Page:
Bishop Addresses National Forum on Resilience and Recovery

December 12, 2019

[JUBA: Dec 9th 2019] Original Article by Charles Wote

Earlier this month Bishop Yepeta Nathan Sika was invited to address the Second Annual Forum on Resilience and Recovery in Juba, where hundreds of dignitaries and delegates from diplomatic corps, national and international NGOs, and South Sudanese Government officials had gathered to learn how churches in Western Equatoria worked together to achieve peace in the area.

Bishop Yepeta Sika addresses the delegates to the Forum

Two years ago, the resilience and recovery program was launched in Yambio and later extended to Aweil, Torit and Wau to respond and intervene across four pillars for peace, namely: rebuilding trust in people and institutions, re-establishing access to basic services, restoring productive capacities as well as nurturing and broadening effective partnerships. The program promotes local ownership and work across humanitarian and development efforts, combining the need to meet emergency basic needs with the necessity of building resilience for the future.

The Bishop of South Sudan described the contributions made by the churches that had such a great impact on bringing peace to the former Western Equatoria region. This is characterized by rebuilding trust between people and institutions, re-
establishing access to basic services, restoring productive capacities as
well as nurturing and broadening effective partnerships. The Bishop described the ways the new initiative has helped the citizens to realize various developmental programs.

Bishop Yepeta describes the capacity building programs that have been established

For much of the last five years, conflict in the country has disrupted livelihoods in most parts of the country. Since 2016, crop production levels declined due to displacement of farmers from the eastern, Western and central parts of the Equatoria region. In September this year, the government and UN agencies said more than half of the population of South Sudan – some 6.35 million people do not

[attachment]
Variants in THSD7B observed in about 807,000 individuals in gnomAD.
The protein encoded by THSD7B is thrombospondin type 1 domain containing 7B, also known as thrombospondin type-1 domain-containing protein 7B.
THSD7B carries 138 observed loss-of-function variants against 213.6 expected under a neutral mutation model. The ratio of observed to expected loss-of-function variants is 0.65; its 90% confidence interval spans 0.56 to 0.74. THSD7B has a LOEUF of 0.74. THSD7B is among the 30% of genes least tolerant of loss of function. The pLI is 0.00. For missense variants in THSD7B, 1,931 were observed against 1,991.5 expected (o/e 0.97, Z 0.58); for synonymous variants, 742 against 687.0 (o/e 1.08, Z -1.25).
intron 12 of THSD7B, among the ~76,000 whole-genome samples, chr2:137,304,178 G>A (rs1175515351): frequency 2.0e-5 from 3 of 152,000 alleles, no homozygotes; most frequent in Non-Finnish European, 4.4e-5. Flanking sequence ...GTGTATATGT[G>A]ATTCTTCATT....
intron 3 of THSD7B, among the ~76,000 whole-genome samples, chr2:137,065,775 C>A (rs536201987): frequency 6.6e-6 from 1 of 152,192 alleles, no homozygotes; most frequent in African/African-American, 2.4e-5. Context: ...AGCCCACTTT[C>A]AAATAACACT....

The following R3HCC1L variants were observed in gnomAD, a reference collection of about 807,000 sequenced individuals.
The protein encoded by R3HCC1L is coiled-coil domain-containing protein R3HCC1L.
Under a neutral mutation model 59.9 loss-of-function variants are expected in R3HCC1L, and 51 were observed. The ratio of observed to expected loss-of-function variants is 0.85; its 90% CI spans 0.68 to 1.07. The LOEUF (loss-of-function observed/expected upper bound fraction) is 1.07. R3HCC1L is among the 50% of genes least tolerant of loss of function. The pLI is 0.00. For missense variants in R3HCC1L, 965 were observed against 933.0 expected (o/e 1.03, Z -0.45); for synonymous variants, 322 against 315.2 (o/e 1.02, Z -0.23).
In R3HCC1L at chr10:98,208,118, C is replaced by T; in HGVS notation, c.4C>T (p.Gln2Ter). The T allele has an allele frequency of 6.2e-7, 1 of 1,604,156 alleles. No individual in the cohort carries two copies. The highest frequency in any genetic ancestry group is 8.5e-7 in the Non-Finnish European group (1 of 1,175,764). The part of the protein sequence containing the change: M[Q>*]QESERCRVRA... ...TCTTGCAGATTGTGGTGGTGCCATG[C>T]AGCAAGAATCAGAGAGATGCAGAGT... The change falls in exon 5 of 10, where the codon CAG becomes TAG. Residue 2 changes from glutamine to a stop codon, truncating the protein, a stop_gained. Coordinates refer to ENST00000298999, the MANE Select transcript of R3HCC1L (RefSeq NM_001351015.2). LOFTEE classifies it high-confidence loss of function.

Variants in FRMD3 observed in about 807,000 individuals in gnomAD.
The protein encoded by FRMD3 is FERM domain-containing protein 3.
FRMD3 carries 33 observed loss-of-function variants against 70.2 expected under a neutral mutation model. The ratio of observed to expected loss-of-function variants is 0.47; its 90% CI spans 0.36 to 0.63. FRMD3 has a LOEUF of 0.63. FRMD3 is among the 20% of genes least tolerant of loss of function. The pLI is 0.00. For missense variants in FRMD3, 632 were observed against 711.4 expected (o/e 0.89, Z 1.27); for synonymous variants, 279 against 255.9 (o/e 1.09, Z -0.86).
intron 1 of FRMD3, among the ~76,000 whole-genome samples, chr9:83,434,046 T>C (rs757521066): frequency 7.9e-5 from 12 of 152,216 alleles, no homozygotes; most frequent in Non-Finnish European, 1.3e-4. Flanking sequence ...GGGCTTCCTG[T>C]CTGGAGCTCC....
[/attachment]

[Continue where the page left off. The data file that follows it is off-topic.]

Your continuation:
know where their next meal will come from. UNICEF said acute malnutrition levels among children has also increased from 13 percent in 2018 to 16 percent in 2019.

But now, thanks to several key partnerships, these issues are being addressed with success in Yambio and several regions of Gbudue State.

"Now we see the fruit of key changes that have impact with this current intervention. We can see road construction reaching to some of the highly agricultural areas in the state, which addresses access and distribution issues.”

Bishop Yepeta Sika, CEEC Bishop of South Sudan

But this partnership has allowed the community to work together and forge the path for peace that can allow the community to rebuild itself. Bishop Sika added that, “We have witnessed several successes. There are trainings that are already going on with traditional and local authorities in Gbudue State. There are also livelihood programs and capacity development initiatives underway, and these are having a significant impact. A number of CBOs are also training people. I would like to thank the donor communities for all the support that they gave.”

Choose Your Language »